What’s so effective about a flu vaccine that’s less than 10 percent 'effective'?

Sometimes topics for opinion pieces just fall out of the sky. Last week, officials at the Centers for Disease Control and Prevention (CDC) announced that the new estimate for the effectiveness of the influenza vaccine during the second half of the 2018-2019 “flu season” was only nine percent. That’s pretty bad even by influenza vaccine standards, which are notoriously poor.1 2

Since the 2004-2005 season, the CDC has judged the influenza vaccine to be more than 50 percent effective only four times—52 percent in 2006-2007, 56 percent in 2009-2010, 60 percent in 2010-2011 and 52 percent in 2013-2014. In other words, the vaccine has been more than 50 percent ineffective nearly three out of every four years.3

The particularly bad seasons for flu vaccine failures were 2004-2005, 2005-2006 and 2015-2016, when the vaccine turned out to be only 10 percent, 21 percent and 19 percent effective. The CDC’s effectiveness estimate for the influenza vaccine for the full  2018-2019 season is 29 percent, making it the fourth worst performance for the vaccine in the past 15 flu seasons.3

The 29 percent figure was reached by taking the average of the influenza vaccine’s effectiveness rate during the first half of the 2018-2019 season (about 47 percent) and combining it with its effectiveness rate for the second half of the season (about nine percent)—which actually comes out to 28 percent, so I assume they just rounded it off to 29.

Now, bear in mind that nine percent for the second half of the season is, according to the Associated Press and ABC News “virtually worthless.”1 2 But that isn’t the inspiration for this opinion article. No, it was the following line by both the AP and ABC News:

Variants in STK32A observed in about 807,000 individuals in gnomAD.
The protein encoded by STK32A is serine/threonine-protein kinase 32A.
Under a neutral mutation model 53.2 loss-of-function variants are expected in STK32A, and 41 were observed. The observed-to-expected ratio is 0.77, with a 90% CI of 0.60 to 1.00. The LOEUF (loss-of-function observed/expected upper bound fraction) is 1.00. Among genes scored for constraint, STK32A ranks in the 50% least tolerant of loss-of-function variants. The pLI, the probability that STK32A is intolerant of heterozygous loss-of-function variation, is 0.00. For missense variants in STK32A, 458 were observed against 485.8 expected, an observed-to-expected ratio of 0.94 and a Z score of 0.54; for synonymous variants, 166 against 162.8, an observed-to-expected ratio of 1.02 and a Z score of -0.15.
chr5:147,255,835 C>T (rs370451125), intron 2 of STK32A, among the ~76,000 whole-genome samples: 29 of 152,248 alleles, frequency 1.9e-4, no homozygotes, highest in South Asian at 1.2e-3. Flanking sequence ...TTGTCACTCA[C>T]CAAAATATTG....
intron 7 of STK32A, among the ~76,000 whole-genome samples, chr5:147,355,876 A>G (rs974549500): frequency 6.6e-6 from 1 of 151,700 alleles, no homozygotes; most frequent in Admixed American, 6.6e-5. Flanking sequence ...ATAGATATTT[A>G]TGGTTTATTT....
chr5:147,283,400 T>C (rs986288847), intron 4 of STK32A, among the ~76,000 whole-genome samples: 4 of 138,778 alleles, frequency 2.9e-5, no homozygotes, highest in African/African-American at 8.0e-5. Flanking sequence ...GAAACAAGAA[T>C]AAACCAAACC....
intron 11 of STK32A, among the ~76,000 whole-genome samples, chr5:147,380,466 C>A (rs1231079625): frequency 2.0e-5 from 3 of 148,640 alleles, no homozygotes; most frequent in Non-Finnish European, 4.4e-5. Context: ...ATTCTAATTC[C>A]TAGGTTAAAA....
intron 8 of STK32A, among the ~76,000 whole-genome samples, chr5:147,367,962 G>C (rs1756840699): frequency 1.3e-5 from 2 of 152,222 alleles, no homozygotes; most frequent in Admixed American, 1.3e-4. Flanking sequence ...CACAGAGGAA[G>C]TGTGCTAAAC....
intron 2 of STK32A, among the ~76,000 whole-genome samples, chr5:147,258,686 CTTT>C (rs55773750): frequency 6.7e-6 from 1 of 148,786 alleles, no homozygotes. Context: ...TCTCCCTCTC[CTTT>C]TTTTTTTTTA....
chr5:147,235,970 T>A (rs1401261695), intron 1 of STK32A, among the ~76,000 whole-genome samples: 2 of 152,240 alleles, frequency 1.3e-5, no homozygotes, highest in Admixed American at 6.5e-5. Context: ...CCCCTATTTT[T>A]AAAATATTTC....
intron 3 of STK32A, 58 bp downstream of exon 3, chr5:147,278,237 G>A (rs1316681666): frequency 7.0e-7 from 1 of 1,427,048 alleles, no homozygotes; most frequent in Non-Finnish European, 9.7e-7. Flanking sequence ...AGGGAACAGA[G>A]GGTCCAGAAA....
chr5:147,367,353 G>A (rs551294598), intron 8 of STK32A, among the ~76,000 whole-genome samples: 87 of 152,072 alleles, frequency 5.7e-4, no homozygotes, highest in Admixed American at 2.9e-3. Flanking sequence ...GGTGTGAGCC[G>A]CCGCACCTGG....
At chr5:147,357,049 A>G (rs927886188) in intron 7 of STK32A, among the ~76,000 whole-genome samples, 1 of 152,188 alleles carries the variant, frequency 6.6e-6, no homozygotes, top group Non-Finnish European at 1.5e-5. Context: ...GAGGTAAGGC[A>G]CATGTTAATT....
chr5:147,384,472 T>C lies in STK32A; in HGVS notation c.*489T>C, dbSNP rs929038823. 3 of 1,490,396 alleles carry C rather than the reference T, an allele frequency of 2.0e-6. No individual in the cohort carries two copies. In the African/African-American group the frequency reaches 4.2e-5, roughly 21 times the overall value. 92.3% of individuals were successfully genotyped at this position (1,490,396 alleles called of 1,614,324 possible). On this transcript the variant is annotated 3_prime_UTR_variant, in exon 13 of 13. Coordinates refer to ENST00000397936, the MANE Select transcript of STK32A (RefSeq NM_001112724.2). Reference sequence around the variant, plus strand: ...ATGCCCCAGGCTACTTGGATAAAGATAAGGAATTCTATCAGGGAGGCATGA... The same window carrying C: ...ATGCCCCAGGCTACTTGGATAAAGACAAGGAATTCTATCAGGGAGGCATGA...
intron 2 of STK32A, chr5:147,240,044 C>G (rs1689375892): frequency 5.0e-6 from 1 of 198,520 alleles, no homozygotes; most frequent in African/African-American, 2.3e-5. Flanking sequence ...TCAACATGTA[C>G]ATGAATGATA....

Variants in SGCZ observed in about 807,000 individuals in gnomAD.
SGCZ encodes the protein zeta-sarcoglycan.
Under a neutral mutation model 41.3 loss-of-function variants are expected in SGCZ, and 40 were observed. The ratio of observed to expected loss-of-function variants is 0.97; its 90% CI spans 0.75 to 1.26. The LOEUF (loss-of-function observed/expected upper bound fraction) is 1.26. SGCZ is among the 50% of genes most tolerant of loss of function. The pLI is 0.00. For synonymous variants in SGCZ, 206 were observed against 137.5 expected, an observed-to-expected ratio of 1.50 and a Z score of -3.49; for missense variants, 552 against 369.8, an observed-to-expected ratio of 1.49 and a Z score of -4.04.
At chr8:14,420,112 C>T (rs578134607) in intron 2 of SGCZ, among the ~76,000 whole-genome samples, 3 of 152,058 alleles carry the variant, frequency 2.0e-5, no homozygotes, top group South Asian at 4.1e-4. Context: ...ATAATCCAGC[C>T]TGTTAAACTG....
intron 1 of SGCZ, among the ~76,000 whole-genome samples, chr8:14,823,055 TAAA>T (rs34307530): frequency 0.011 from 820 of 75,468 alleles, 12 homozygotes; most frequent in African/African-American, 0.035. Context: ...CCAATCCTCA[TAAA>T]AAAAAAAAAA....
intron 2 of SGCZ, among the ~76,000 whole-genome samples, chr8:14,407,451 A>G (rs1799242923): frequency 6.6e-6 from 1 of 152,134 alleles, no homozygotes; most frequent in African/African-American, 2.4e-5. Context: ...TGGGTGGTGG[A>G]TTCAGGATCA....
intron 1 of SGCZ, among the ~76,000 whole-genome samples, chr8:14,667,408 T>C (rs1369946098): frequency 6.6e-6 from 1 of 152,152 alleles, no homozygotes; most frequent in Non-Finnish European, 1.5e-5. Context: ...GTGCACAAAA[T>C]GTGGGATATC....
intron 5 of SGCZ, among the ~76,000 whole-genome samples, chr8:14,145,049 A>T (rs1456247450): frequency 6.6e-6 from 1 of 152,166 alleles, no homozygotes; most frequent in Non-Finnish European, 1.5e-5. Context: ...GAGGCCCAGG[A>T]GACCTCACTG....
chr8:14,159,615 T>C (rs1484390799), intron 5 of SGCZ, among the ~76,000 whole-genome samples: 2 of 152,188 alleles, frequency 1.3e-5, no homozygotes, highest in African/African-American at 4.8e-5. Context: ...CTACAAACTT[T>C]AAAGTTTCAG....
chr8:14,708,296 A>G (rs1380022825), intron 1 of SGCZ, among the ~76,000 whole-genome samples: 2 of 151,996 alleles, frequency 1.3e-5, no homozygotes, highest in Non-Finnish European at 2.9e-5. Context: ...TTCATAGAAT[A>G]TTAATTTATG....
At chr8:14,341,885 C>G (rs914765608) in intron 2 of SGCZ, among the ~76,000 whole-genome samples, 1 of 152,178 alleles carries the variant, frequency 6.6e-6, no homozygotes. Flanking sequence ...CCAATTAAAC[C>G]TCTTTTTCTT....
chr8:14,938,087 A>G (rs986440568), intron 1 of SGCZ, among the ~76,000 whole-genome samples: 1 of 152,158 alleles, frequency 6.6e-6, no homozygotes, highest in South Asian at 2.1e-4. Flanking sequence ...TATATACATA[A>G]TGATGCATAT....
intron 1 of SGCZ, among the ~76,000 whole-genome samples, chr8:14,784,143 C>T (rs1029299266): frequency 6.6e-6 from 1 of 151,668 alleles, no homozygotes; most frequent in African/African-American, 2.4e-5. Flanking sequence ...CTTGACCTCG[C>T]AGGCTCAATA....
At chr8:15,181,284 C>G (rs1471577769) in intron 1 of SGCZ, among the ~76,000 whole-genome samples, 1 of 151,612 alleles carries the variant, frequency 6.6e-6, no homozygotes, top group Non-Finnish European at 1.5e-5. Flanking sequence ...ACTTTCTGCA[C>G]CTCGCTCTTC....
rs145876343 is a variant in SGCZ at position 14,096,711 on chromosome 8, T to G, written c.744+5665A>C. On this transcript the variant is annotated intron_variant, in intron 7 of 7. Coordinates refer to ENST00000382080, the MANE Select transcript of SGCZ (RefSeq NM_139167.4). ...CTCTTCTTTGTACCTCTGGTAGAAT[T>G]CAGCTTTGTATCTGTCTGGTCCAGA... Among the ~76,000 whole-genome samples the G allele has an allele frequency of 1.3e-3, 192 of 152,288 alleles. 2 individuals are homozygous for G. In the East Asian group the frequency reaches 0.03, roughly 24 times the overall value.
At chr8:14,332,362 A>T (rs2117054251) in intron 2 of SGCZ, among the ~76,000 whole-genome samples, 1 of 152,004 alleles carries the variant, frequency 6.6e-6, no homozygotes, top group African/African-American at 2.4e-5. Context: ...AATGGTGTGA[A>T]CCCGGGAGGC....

The flu shot was working well early in the season with effectiveness at 47 percent in February.1 2

So, this is what the blue smoke and mirrors approach to influenza vaccine policy has come to in the U.S.: An influenza vaccine that is estimated to be less than 50 percent effective is now viewed by the media and, supposedly, public health officials and doctors in the United States as “working well.”

When is the last time a job well done earned a score of 47 percent? Would an NFL receiver who caught less than 50 percent of the passes thrown to him be congratulated for playing a good game? Would a car with brakes that failed more than half the time be kept on the market?

A vaccine that is consistently estimated to be less than 50 percent effective by the CDC is being aggressively marketed and pushed each year in America on pregnant women, babies as young six months old, children, teens, adults and the elderly.4 5 6 7 8

Laws have been passed in some states requiring infants and children attending daycare to get an annual flu shot.9 Moreover, Americans are, increasingly, being pressured or coerced into getting this vaccine that fails more than 50 percent of the time. The federal government has recommended that flu shots should be mandated for all health care workers.10